Very badly downhill.

I watched as they kept your eyes shut and handled your body just as gently as they had a few hours ago.

I listened to the final zip of the body bag. I don’t know who had the time to switch off the radio, but I’m glad they did.

I listened as the nurse asked God to rest your soul.

I watched you leave in a different kind of bed, to a different place. I’m not sure where.

You can learn a lot from watching. Thank you for letting me watch.

We fixed your hip, sir.

The operation was a success, but the patient died. It’s not an oxymoron, but a notice that physicians must understand the different values for success.

To become a good doctor, medical students need to understand that patients are not simply a presentation of diseases and symptoms. They are people, with lives and loves and desires all their own.

What Ms. Yrukiewicz doesn’t mention in her post is the next most important lesson a good doctor must learn: How to learn everything you can about what happened so it doesn’t happen again and then move on to the next patient, fully confident that the surgery will be a success and the patient will survive.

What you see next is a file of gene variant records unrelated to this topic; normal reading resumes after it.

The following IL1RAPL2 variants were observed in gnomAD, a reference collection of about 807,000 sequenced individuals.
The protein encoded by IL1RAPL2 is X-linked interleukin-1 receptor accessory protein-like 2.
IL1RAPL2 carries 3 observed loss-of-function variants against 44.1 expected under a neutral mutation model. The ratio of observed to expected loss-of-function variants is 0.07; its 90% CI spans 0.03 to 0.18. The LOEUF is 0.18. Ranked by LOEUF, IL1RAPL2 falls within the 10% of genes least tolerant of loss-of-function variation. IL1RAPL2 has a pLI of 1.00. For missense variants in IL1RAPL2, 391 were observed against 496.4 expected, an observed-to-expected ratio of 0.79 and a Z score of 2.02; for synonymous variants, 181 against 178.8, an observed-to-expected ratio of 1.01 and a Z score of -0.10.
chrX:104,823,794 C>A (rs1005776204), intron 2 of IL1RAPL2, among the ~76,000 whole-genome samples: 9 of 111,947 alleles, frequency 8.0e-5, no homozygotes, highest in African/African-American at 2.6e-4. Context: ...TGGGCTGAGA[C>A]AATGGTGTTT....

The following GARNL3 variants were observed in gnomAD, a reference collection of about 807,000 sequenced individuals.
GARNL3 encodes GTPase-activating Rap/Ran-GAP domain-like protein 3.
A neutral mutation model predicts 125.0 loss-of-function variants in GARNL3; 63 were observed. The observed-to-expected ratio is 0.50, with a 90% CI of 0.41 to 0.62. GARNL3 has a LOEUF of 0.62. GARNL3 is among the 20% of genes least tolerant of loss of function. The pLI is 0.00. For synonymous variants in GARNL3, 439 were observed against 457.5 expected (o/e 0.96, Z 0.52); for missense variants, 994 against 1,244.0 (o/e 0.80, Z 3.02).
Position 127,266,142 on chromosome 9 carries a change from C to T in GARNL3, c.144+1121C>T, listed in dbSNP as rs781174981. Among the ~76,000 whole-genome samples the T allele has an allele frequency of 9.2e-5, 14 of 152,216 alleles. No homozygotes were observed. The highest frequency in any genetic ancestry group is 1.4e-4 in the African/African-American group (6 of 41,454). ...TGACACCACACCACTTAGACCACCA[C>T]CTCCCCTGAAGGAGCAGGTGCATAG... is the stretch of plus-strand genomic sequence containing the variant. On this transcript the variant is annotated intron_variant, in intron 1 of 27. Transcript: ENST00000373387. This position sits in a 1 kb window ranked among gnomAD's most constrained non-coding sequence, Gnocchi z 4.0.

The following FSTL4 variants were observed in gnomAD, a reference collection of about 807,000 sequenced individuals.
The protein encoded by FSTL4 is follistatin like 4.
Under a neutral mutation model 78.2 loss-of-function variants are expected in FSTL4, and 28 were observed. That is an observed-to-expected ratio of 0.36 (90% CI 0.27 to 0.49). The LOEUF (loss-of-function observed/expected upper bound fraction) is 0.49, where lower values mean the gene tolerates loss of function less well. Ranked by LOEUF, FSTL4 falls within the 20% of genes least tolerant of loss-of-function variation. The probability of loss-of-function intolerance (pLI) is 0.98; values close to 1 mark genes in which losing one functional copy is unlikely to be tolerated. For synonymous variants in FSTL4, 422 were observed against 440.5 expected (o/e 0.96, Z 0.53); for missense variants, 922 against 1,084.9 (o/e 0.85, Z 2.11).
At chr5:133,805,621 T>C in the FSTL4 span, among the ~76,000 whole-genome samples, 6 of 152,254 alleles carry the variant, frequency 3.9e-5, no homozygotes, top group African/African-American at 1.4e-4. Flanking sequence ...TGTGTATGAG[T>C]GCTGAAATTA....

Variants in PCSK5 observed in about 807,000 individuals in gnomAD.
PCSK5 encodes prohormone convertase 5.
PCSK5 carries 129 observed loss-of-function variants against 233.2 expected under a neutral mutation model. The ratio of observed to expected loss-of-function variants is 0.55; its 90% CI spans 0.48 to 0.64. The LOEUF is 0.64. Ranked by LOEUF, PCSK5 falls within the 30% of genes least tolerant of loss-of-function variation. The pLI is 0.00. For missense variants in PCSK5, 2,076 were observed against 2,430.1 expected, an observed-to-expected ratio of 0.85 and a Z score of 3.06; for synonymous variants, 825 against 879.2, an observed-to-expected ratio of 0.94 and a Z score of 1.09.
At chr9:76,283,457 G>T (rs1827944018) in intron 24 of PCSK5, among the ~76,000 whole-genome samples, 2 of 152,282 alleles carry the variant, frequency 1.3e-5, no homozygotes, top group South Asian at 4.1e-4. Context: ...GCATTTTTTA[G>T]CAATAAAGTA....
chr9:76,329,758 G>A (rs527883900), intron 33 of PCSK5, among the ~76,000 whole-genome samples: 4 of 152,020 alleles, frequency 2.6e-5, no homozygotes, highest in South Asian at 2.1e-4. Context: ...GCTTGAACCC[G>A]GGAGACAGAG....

Her blog provides an interesting look into the world of student physicians. I’d recommend you dudes and dudettes go and give it a read. It’s always interesting to learn what the person on the other side of the white lab coat is thinking.


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The Guide: Turn and Face the Strange. . . Changes

by Barry and Richard

You’re going to undergo a lot of changes once you become a new father. One of the strangest and most disgusting will be those diapers.

Now, I’m not going to say that you’ll get used to wiping feces off a little butt and it won’t even bother you (because it will. No matter how many kids you have, you’ll never get used to finishing up a change and finding stray brown stains on certain parts of your anatomy.), but you will find you’re able to do it without getting too freaked out. Just take a little simple advice.

So you’ve got your little dude home from the hospital. More than likely, the first thing you’re going to have to do with him is change his diaper.

Relax. It’s going to be easy, provided you’re not an idiot.